11/12/2015 04:45 PM EST

Flood Risk Open House to View Maps in Raymondville and Brownsville, Texas

Public Open House Events Scheduled to Share Map Changes and Flood Risk Information
(Please note correction below to address for open house in Willacy County.)

DENTON, Texas –Homeowners, renters and business owners in the Texas counties of Cameron and Willacy are encouraged to look over newly released preliminary flood maps in order to determine their flood risks and make informed decisions.

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Coalition-Supported Iraqi Kurds Work to Cut Main ISIL Line of Communication

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Coalition-Supported Iraqi Kurds Work to Cut Main ISIL Line of Communication
11/12/2015 03:16 PM CST

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A Kurdish peshmerga soldier takes the lead during urban combat maneuvering training held near Irbil, Iraq, Oct. 29, 2015. Training at the building partner capacity sites is an integral part of Combined Joint Task Force Operation Inherent Resolve’s multinational effort to train peshmerga soldiers to defeat the Islamic State of Iraq and the Levant. U.S. Army photo by Spc. Tristan Bolden

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Coalition-Supported Iraqi Kurds Work to Cut Main ISIL Line of Communication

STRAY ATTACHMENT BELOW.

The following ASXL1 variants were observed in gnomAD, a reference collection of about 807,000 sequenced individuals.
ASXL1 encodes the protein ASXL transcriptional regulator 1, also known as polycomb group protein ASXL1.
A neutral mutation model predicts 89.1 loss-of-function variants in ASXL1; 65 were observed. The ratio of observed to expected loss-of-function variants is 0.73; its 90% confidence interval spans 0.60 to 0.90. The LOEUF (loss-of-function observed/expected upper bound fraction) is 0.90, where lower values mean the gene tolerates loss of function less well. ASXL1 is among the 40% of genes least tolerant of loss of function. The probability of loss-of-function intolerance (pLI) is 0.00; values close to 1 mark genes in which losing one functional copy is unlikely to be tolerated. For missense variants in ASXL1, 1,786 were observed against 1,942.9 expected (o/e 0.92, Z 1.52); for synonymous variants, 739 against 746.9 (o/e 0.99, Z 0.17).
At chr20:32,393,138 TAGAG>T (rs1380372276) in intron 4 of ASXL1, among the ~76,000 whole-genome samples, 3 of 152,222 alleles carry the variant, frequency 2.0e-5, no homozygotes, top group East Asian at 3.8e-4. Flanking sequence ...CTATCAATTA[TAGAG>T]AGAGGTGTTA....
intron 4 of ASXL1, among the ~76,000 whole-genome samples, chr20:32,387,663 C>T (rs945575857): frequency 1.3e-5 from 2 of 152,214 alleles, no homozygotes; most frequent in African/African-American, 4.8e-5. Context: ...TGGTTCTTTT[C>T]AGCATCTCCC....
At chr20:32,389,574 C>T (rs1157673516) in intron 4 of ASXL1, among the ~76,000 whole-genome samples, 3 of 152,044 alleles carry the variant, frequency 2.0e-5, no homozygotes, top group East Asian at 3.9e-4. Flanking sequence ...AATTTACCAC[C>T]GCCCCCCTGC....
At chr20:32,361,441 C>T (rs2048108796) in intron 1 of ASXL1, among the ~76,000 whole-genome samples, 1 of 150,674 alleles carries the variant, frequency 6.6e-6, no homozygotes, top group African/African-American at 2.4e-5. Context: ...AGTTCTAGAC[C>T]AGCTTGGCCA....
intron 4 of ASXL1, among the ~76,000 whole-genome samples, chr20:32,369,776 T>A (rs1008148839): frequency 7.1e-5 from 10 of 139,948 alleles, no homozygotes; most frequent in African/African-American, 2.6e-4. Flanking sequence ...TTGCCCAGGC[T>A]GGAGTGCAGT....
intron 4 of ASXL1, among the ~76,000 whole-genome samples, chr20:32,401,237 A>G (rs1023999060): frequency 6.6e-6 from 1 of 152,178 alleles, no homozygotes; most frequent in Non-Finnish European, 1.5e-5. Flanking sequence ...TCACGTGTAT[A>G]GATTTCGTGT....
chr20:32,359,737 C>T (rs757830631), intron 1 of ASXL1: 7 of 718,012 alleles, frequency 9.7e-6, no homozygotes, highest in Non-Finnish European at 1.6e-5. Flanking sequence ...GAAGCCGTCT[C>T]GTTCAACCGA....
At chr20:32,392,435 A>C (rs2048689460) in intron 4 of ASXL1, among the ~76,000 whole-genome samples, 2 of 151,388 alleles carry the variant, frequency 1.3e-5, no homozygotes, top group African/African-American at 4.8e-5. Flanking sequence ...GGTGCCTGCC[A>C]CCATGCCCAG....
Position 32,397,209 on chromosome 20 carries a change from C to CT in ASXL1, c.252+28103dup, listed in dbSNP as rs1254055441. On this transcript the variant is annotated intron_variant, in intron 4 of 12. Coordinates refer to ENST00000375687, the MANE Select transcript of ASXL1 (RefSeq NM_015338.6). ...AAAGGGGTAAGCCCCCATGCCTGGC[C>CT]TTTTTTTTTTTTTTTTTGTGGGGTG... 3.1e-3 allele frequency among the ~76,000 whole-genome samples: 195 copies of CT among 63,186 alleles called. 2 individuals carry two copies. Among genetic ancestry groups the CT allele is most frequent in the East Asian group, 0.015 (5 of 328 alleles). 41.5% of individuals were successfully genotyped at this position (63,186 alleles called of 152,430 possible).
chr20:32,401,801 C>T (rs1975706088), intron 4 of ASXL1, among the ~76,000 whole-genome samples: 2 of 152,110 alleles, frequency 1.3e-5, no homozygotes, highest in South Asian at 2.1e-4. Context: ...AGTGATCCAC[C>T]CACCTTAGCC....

By Cheryl Pellerin DoD News, Defense Media Activity

WASHINGTON November 12, 2015 — In fighting over the past 24 hours, Iraqi Kurdish forces supported by coalition advisors and a coalition air campaign are working to cut the Islamic State of Iraq and the Levant’s main communication line between Raqqa and Mosul, the Pentagon press secretary said today.

Targeting Highway 47 over Sinjar Mountain from the air and the Kurdish peshmerga ground operation will degrade ISIL’s ability to funnel fighters and equipment into Iraq, and it will help disrupt funding methods for their terrorist activities, Peter Cook told defense reporters here.

“This is another example of the pressure being applied to ISIL across multiple fronts,” he said, noting that since yesterday the coalition has conducted 36 airstrikes supporting the operation.

Cook said the larger operation is another front in the fight against ISIL, showing that pressure is being applied in many areas, including Iraq and Syria.

Good Time to Move

Peshmerga forces are carrying out the operation with the support of U.S. and coalition advisors, most of them behind the front lines, advising and working directly with peshmerga commanders to determine the best location for airstrikes, he added.

“This was an opportunity the Iraqi Kurdish forces saw right now, and working with the coalition, agreed that this was a good time to move on Sinjar Mountain and to try and cut off this particular supply line,” Cook said.